In its simplest form the test states that if an interrogator having a conversation over a keyboard (online chat, basically) with a second party cannot distinguish between a real person and a computer program, then the computer (program) could be said to be thinking.
Even though this once thought experiment has now been carried out in reality, (most notably at the Loebner Prize which has been carried out annually since 1991) no-one yet wants to stick their neck out and claim that a machine has definitely passed and ipso facto can think.
HAL becoming operational at the HAL Laboratories in Urbana, Illinois. Now, ten years after the date of the ill fated Discovery mission, HAL still seems a very long way away.
It’s also because Artificial Intelligence seems to be a moving target. Whilst we are still a long way from HAL, you do get the impression that even if intelligent talking computers were constructed, there would be those who would continue to insist that they weren’t “really” thinking, that they were only mimicking human intelligence. There has even been a pre-emptive attempt to debunk the Turing Test.
Like the Turing Test was originally, it's a thought experiment. It is known as the Chinese Room and was devised by philosopher John Searle.
The Chinese Room is a large wooden box in which sits an Experimenter. On his or her desk there is a set of complex instructions – whether these are in the form of data on a computer’s hard disk or a series of handsome leather bound volumes is entirely irrelevant. The Experimenter also has access to a large number of sheets of paper and several pencils.
There is a slot in one wall of the room. Through this slot people post questions in Chinese. The Experimenter doesn’t understand Chinese – but this doesn’t matter. Without needing a translation, he or she can look up the Chinese characters in the data, and by following a long series of steps listed in the instructions, eventually come up with and write down an answer to the question, also in Chinese characters, and post it back through the slot.
However long this might take (which doesn’t matter as it’s a thought experiment), the interrogator on the outside has now received an intelligible answer. If this went on long enough, it would be possible for the Chinese Room to pass the Turing Test.
But, crows the Experimenter, I don’t speak a word of Chinese!
The room has passed the Turing Test but the Experimenter wasn’t thinking about the questions - he or she didn’t even hear them. The Experimenter was able to simulate their half of an intelligent conversation without actually understanding it at all. This proves that machines can’t actually think, whatever the Turing Test might claim.
Or does it?
I would say not. All that the Chinese Room experiment proves is that the Experimenter can follow instructions without understanding Chinese. And just because he or she doesn't understand Chinese, it doesn't mean that an understanding of Chinese isn't going on somewhere...
The notion of the Chinese Room disproving the possibility of artificial intelligence is a demonstration of Cartesian Theatre thinking. By saying that the Experimenter doesn't understand Chinese ergo no understanding of Chinese is going on, the Experimenter is being cast in the role of the homunculus, the soul - the room itself and the instructions themselves being relegated to mere machinery.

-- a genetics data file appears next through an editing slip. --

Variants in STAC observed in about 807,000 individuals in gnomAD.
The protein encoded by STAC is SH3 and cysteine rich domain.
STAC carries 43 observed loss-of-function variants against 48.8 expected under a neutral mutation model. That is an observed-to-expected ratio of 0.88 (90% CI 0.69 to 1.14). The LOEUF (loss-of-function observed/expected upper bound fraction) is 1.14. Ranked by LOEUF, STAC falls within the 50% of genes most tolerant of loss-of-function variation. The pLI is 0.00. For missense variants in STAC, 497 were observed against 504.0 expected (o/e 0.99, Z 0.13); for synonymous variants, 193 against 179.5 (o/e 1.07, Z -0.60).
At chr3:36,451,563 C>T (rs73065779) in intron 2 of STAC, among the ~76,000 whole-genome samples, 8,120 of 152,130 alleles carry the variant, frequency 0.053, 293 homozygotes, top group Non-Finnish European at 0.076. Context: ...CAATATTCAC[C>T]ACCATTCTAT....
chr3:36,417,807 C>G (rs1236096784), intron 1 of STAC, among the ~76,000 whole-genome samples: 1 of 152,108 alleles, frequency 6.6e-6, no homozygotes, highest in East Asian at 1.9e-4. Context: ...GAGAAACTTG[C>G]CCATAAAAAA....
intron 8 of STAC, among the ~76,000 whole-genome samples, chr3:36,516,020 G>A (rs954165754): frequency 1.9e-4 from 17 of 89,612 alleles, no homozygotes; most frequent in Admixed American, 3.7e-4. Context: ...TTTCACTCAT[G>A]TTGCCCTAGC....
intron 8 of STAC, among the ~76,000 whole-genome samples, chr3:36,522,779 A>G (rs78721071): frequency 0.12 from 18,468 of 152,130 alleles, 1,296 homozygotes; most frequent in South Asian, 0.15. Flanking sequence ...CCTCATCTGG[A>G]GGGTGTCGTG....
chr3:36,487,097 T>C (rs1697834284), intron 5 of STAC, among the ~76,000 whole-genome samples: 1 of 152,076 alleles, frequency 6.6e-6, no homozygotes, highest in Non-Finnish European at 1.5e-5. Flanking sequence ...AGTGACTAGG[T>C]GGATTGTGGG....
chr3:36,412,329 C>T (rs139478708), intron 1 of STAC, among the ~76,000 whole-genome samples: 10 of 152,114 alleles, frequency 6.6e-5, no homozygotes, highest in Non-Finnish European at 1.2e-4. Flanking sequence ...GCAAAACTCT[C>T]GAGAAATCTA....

In fact the opposite may well be true.
The Experimenter is no more than part of the machine - why should he or she understand Chinese any more than the plywood making up the box's exterior or the pencils with which he uses to draw the Chinese Characters do? Consciousness and understanding is something that arises from a whole system and whilst our Experimenter doesn't understand Chinese him or her self, the system as a whole most demonstrably does understand Chinese. And certainly a knowledge of Chinese would have been required when the instructions were written – when the Chinese Room learned.
Of course it would be nonsense to describe the Chinese Room being discussed here as conscious seeing as all the instructions do is allow responses to be produced very slowly and all it can do is conduct simple conversations in Chinese. It has no inner life and as such I assume would always answer the same question in the same way. Similarly whilst Deep Blue may be a chess champion it had none of the other qualities that made Garry Kasparov a conscious being. However, this is simply a question of scale. A large enough Chinese room (or perhaps a city-sized building consisting of millions of Chinese rooms each with a different purpose) with myriad operators could well be conscious and self aware when viewed as a whole even though this would be on a far different scale from that we are used to.
However, scales of time and space are irrelevant when it comes to the discussion of intelligence and consciousness - as we demonstrated in The Experiment of Thugg 2.0 back in September 2010. All that matters is that the data is processed and the inclusion of an Experimenter who doesn't understand Chinese in the equation is irrelevant and humano-centric. Your eyes don't speak English and yet you are reading and understanding this. A Chinese room would probably be far more efficient with a computer and a printer attached to the input and output and yet would produce exactly the same results as the inclusion of an Experimenter.
The Chinese Room appears to be a remnant of dualistic thinking. By denying the right of machines to be conscious the proponents of such theories are surreptitiously positing the existence of a separate soul as the seat of understanding and consciousness.
I thought we’d got past that.